This past summer I thought a lot about my love for this country. I love the preservation of open space, the diverse beauty of the land, the generosity of its people, our freedoms and wide variety of cultures. And when I find myself getting bogged down in pessimistic analysis of our convoluted political machine, it's time to go for a long walk.
Through these long walks I've developed an intimate relationship with the land that brings sensory understanding to political philosophy. I've often dreamt about what decisions our political leaders would make if they experienced just one thru-hike.
John Muir seemed to catch the ear of many powerful politicians like President Theodore Roosevelt, and journalists like the influential associate editor of Century magazine, Robert Underwood Johnson. On my PCT thru-hike last summer I perused a collection of Muir's writings and conservation accomplishments posted near soda spring in Yosemite. His eloquent passages inspired dreams of taking a walk with President Obama through the High Sierra. We'd drink directly from alpine lakes and touch the last of the spring snow before it melted off into the Owens Valley. Weaving our way through the ancient foxtail pines, we'd eventually clear the treeline and climb to the summit of Mt. Whitney. There, below us, we'd look down on that magnificent valley to the east. Full of history and less full of water than in previous years, the Owens Valley hydrates our international image by giving Hollywood what it needs to survive. How many residents of LA understand that they are drinking Sierran snow melt that collects in a lake adjacent to Manzanar, a WWII Japanese Internment camp?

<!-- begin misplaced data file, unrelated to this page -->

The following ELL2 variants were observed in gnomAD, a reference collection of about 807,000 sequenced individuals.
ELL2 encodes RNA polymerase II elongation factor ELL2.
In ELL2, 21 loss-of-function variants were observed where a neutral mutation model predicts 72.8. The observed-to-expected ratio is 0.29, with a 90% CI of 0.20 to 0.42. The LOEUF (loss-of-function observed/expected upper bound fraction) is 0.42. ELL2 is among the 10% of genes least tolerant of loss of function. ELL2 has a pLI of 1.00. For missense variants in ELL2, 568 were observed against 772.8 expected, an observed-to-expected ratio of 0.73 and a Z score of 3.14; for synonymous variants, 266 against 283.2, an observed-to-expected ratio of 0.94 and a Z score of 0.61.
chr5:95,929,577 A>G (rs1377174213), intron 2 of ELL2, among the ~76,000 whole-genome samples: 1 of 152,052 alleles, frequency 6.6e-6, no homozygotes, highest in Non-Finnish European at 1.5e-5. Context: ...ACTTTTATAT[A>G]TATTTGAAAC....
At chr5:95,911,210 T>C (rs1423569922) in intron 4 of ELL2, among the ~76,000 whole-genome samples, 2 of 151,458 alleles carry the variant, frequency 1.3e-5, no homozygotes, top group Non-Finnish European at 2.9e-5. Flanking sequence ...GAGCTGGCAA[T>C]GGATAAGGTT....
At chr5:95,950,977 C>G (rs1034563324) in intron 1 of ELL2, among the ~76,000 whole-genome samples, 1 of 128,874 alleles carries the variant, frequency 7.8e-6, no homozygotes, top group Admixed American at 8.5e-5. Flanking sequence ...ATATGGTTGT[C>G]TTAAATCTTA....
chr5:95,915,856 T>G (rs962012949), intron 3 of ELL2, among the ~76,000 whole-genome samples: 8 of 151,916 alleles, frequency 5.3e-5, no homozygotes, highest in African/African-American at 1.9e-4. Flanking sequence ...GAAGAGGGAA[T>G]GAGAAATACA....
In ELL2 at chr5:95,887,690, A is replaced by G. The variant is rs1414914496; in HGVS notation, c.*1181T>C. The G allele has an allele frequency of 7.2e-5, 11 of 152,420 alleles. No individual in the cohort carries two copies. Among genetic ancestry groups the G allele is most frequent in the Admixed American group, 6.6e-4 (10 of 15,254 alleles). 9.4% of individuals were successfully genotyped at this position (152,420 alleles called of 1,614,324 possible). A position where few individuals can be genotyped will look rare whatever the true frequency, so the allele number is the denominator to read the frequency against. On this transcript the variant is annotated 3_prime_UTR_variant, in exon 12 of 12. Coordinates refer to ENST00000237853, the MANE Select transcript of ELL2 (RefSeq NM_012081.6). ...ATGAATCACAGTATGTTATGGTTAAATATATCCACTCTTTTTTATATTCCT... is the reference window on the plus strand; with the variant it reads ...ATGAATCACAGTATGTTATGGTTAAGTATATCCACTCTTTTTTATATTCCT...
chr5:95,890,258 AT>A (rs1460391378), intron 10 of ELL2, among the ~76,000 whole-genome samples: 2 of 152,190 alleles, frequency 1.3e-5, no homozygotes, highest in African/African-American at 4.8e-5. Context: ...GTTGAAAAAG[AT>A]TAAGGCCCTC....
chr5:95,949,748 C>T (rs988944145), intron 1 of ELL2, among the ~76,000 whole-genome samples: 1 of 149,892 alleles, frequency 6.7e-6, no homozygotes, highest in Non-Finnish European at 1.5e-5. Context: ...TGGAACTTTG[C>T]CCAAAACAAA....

|The Summit of Mt. Whitney|
Next, I'd invite the President to join me on the long descent into the valley. Upon our arrival in the town of Independence we'd be hard pressed not to get an earful from the locals about a wide array of power, water and historical management issues. The lessons and experiences would continue on and on. We'd walk the aqueduct towards LA, passing through the heart of the Mojave Desert. We would witness huge stretches of colossal wind farms whirling alongside us for days on end and eventually, the lights of the LA Basin would greet us as we traversed the Angeles Crest. The President and I would finish our journey by walking through the heart of LA until we reached the Pacific Ocean.
Sounds fanciful I know. What top level politician today would take on such a journey? Would you believe me if I told you that a Supreme Court Justice once thru-hiked the C&O canal towpath in order to preserve this crucial riparian corridor?
|Justice William O. Douglas thru-hiking the C&O Canal|
Almost exactly 60 years ago, this letter to the editor, written by Justice William O. Douglas, appeared in the Washington Post: